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The Baroness and the Guggenheim

Without her, there would be no Guggenheim Museum as we know it. Along with the architect Frank Lloyd Wright, the artist and curator Baroness Hilla von Rebay planned the building for the Guggenheim collection in New York. She was passionate and contentious, an iridescent figure who indefatigably fought for non-objective art. Long forgotten, the first director of the Guggenheim Museum is now being honored with a comprehensive exhibition. Sponsort by Deutsche Bank the show has been organized in collaboration with the Solomon R. Guggenheim Museum, the Museum Villa Stuck, Munich and the Schlossmuseum Murnau. Cheryl Kaplan met two of the curators in New York.

Jo-Anne Birnie Danzker and Karole Vail, Curators of
"Art of Tomorrow: Hilla Rebay and Solomon R. Guggenheim"

By the time Hilla Rebay set sail for America in 1927 on the President Wilson, she had already been painting seriously for 18 years. Born in 1890 in Strasbourg, Rebay, known as Baroness Hilla Rebay von Ehrenwiesen, actually came from a family of lesser nobility. Nonetheless, what she brings with her from Europe, and more specifically from Hans Arp and Vasily Kandinsky, is an unwavering belief in non-objective art, that is art without representational links to the material world. This belief is soon to be transferred to Solomon R. Guggenheim, whom Rebay meets shortly after her arrival, along with Guggenheim’s wife Irene. It is Irene Guggenheim who first acquires Rebay’s work, a painting and collage seen at the Galleries of Marie Sterner in New York. It is during this time that Rebay gives painting lessons to a very young Louise Nevelson and meets Gertrude Vanderbilt Whitney.

Hilla von Rebay, ca. 1928, in front of one of her Collages,
Rebay-Archiv Wessling, © 2005 The Hilla von Rebay Foundation

Seemingly assimilated into the New World, Rebay however, has far from abandoned the Old World, where the artist Rudolf Bauer, introduced to her by Arp in 1917 at Galerie Der Sturm, will remain a haunting and elusive romantic figure through much of her life. Rebay’s earlier emotional ties to Arp are, however, quickly discarded by her, though Arp is genuinely supportive and uniquely instructive to her as an artist. Despite Bauer’s continued and often harsh disregard for her, Hilla manages to not only hang onto him, but relentlessly promotes his work to Solomon. It is through Solomon’s generosity that Bauer gains a consulting contract, buying works of art for him in Europe as well as advising the patron’s growing collection. Bauer, turns out to have a keen eye and important access to works Hilla would otherwise did not have. It is thanks to her that Bauer’s work is soon unabashedly acquired into the Guggenheim collection, often en masse.

Summer of 1945: Solomon R. Guggenheim (right)
and Frank Lloyd Wright (left)
with Hilla Rebay in front of the model for the new Museum (AP Photo), © 2005 The Hilla von Rebay Foundation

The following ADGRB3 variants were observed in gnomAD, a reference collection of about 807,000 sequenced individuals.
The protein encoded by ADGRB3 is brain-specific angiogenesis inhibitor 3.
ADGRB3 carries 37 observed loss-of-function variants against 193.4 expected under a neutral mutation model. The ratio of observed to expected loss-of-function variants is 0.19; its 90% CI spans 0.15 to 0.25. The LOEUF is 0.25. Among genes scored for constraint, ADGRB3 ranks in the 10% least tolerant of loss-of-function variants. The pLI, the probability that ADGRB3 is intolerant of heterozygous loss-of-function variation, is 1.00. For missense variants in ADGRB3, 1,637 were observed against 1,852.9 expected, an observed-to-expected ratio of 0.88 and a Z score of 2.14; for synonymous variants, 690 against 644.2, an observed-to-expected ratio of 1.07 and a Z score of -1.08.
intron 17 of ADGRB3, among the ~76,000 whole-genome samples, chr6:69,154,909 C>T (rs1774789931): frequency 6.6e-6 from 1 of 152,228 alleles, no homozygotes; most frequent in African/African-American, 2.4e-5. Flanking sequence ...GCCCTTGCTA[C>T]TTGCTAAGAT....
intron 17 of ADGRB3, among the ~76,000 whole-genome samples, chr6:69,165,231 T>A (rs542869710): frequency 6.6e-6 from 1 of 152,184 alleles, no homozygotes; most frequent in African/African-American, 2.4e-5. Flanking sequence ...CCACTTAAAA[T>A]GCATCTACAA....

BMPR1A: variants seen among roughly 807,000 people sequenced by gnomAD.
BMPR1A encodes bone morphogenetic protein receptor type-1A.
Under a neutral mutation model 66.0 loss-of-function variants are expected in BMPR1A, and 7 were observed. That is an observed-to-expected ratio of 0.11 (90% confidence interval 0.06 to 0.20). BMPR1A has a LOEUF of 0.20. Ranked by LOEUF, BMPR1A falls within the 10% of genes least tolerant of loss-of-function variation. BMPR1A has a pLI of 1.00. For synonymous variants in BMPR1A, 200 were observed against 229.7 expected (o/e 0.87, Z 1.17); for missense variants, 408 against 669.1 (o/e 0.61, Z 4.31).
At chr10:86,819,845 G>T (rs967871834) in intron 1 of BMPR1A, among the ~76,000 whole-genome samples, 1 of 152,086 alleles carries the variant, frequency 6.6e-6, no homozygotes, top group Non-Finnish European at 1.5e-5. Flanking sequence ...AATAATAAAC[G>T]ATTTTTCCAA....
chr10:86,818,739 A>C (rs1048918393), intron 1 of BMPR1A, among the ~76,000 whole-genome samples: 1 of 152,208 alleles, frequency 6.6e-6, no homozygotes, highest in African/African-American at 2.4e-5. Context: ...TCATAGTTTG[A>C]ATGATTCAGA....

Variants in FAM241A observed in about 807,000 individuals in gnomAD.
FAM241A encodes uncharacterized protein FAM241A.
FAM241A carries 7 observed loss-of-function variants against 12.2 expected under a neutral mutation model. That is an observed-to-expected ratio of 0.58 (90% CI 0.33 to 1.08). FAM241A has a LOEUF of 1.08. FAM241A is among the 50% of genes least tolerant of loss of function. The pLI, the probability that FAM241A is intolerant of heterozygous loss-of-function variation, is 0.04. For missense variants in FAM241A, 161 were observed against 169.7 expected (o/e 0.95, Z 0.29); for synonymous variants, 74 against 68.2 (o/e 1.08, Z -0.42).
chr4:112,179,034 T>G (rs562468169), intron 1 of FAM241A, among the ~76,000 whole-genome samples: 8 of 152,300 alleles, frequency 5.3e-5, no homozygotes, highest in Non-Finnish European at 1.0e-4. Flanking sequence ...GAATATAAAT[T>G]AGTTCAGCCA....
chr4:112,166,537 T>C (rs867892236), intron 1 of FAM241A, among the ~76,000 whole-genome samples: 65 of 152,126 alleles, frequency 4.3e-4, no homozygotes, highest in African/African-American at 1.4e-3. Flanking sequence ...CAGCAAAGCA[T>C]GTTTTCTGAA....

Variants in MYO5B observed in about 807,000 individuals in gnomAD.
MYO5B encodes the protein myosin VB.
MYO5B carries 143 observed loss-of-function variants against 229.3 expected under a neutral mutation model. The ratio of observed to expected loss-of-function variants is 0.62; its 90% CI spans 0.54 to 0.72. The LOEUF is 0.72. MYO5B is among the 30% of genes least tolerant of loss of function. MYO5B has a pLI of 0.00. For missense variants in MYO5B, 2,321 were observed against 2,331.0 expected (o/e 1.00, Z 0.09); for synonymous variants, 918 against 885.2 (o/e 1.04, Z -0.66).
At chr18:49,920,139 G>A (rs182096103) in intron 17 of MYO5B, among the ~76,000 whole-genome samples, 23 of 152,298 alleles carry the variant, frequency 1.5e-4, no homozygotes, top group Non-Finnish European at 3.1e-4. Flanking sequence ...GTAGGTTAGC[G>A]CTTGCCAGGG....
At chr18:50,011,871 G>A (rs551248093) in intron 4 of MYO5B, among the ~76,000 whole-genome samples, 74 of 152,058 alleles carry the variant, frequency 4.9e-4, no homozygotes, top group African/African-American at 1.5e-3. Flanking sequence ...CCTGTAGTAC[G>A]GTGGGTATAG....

The timeline between 1929, when Bauer establishes his private gallery-museum, Das Geistreich, in Berlin, again thanks to the support from Solomon, and 1930 when Rebay talks to Bauer about her own ideas for a museum to house Guggenheim’s collection, is useful to note. It sets the stage for Hilla’s bold and determined plan that finally emerges full force in 1939 when along with Solomon Guggenheim’s vision, the Museum of Non-Objective Painting opens in a former automobile showroom at 24 East Fifty-fourth Street in Manhattan. Rebay becomes the museum’s first curator. The process of transforming this early version into the Solomon R. Guggenheim Museum was inimitably engineered by artist and instigator Hilla Rebay who was nearly unstoppable. (Read an detailed interview, conducted in 1966, with Hilla Rebay here.)

Art of Tomorrow: Hilla Rebay and Solomon R. Guggenheim is curated by Karole Vail, Jo-Anne Birnie Danzker, and Brigitte Salmen. The exhibition has been organized in collaboration with the Solomon R. Guggenheim Museum, the Museum Villa Stuck , Munich and the Schlossmuseum Murnau. After the premiere in New York and subsequent showings in Munich and Murnau, the exhibition will also be seen at the Deutsche Guggenheim in Berlin.

Hilla Rebay, Collage on Paper,

CHERYL KAPLAN: How did Hilla Rebay get caught in the cross-fire of being a painter, a curator, an entrepreneur and a champion of non-objective art?

KAROLE VAIL: She certainly wore many hats. She trained as an artist, which is quite unusual for a director and curator of a museum.

JO-ANNE BIRNIE DANZKER: She brought her experience from Europe to America as part of an avant-garde that took roles beyond the production of art.

Did her desire to be an artist and curator start early?

JBD: I don't think it started early because there weren’t many models for it. Looking at Munich in 1910, where she was, there was also the Blue Rider and later Der Sturm — the first groups where artists publish and curate. The artist Rudolf Bauer set up his own gallery. Hilla is unique, acquiring art and later working with Solomon R. Guggenheim for the collection. She came to the museum with an artist’s eye.

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